More Regulation, Less Scams: What the Future of Blockchain Looks Like
Blockchain technology has revolutionized government, finance, insurance, and personal identity security. By 2025, it’s predicted that corporations will be spending $20 billion annually on blockchain technical services. Tech giant IBM is investing more than $200 million in research and over 90% of European and US banks investigating blockchain options.
Although only taking the world by storm over the past few years, blockchain technology is already on its way to becoming a legitimate disruptor in a slew of different industries. So what exactly does blockchain accomplish to make it so popular?
Blockchain is a shared, immutable ledger that facilitates the process of recording transactions and tracking assets across a network. An asset can be tangible (e.g. a house, car, cash, or land) or intangible (e.g. intellectual property, patents, copyrights, or branding). Anything of value can be tracked and traded on a blockchain network, reducing risk and cutting costs for all involved.
Blockchain technology is revolutionary because it allows businesses to receive information faster and more accurately. It provides immediate, shared, and transparent information stored on an immutable ledger which can only be accessed by permissioned network members. Blockchain’s ability to track orders, payments, accounts, and production, while giving members trust and transparency into their transactions is what is makes it so groundbreaking.
One of the most appealing attributes of blockchain technology is its built-in smart contracts. Smart contracts speed up transactions by essentially providing a set of rules stored on the blockchain that are executed automatically and have the ability to define conditions for things like corporate bond transfers, or terms for insurance.
Although blockchain technology has arisen to rapid expansion and popularity, the space is still not without its problems, particularly with the incidence of crypto frauds like rug pulls and exit scams. Exit scams occur when cryptocurrency promoters vanish with investors’ money during or after an initial coin offering (ICO). DeFi rug pulls another type of exit scam whereby crypto developers abandon a project, exiting with investors’ funds by withdrawing buy support or Decentralised Exchange (DEX) liquidity pool from the market.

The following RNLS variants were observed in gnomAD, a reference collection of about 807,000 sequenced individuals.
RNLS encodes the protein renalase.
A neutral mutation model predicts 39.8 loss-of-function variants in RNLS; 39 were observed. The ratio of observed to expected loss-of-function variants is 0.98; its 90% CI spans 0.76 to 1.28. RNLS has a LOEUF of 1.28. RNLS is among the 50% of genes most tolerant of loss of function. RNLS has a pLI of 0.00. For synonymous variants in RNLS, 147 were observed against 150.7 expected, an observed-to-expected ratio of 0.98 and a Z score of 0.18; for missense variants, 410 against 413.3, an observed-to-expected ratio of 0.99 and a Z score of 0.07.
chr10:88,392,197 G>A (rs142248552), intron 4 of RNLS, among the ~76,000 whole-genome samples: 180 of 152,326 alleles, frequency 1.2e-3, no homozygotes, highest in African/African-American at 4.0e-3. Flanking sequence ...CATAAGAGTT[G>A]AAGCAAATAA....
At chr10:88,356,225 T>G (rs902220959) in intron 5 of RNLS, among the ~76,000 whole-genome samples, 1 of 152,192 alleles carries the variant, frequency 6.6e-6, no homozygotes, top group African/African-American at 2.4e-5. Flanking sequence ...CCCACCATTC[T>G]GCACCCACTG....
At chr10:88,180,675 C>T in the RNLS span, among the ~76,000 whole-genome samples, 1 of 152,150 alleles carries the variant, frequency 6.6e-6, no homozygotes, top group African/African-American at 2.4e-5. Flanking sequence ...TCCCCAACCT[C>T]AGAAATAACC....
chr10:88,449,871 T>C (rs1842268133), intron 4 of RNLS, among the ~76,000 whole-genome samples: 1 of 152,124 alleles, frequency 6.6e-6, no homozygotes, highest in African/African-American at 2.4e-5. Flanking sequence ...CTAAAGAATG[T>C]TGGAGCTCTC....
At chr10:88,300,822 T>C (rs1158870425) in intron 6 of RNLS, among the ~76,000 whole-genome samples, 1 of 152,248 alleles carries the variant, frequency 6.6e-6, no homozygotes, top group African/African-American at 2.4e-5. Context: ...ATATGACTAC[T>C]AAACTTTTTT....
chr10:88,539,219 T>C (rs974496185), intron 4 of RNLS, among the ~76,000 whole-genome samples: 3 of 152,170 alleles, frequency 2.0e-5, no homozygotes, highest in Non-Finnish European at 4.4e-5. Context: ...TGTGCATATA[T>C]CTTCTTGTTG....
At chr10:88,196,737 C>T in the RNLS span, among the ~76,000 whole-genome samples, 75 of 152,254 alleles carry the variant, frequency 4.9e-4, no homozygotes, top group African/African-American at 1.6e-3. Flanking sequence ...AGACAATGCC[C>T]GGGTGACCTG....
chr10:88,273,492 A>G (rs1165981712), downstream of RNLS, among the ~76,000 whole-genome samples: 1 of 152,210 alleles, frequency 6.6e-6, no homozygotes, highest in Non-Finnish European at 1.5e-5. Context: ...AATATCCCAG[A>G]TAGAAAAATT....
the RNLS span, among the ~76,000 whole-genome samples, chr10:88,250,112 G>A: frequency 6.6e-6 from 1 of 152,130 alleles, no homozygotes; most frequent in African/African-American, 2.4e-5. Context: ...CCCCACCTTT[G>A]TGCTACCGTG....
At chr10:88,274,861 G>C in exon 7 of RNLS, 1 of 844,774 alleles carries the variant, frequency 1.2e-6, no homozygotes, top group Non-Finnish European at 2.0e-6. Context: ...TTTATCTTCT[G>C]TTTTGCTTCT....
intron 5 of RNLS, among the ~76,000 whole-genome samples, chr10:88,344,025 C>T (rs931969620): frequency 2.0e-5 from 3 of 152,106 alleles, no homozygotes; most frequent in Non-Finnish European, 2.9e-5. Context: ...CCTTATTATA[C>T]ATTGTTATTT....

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Newcomer to the blockchain space Concordium believes that the blockchain world can rid itself of these issues and become a safer space by implementing accountability. Through its integrated ID layer, the company has designed a platform that increases privacy while also addressing the issues of accountability, trust, and transparency.
The platform was built under the premise that more authentication will lead to more user accountability, which will ultimately build more trust. Many other blockchains still have unclear anonymity guarantees making users believe they’re anonymous while their actions can still be linked back to them.
While regulations can promote identity, Concordium believes that one of the most critical problems it can help solve is accountability. Users who use Concordium’s technology will be completely private and protected unless they abuse the system. It ultimately aims to encourage users to act responsibly or face the consequences of their actions.
Blockchain technology has provided a groundbreaking solution for many industries, but there are still many flaws that has led to nefarious activity like exit scams to occur. As the technology grows and evolves, newcomers like Concordium can pave the way for a safer space by introducing regulation through identification, trust, transparency, and accountability.
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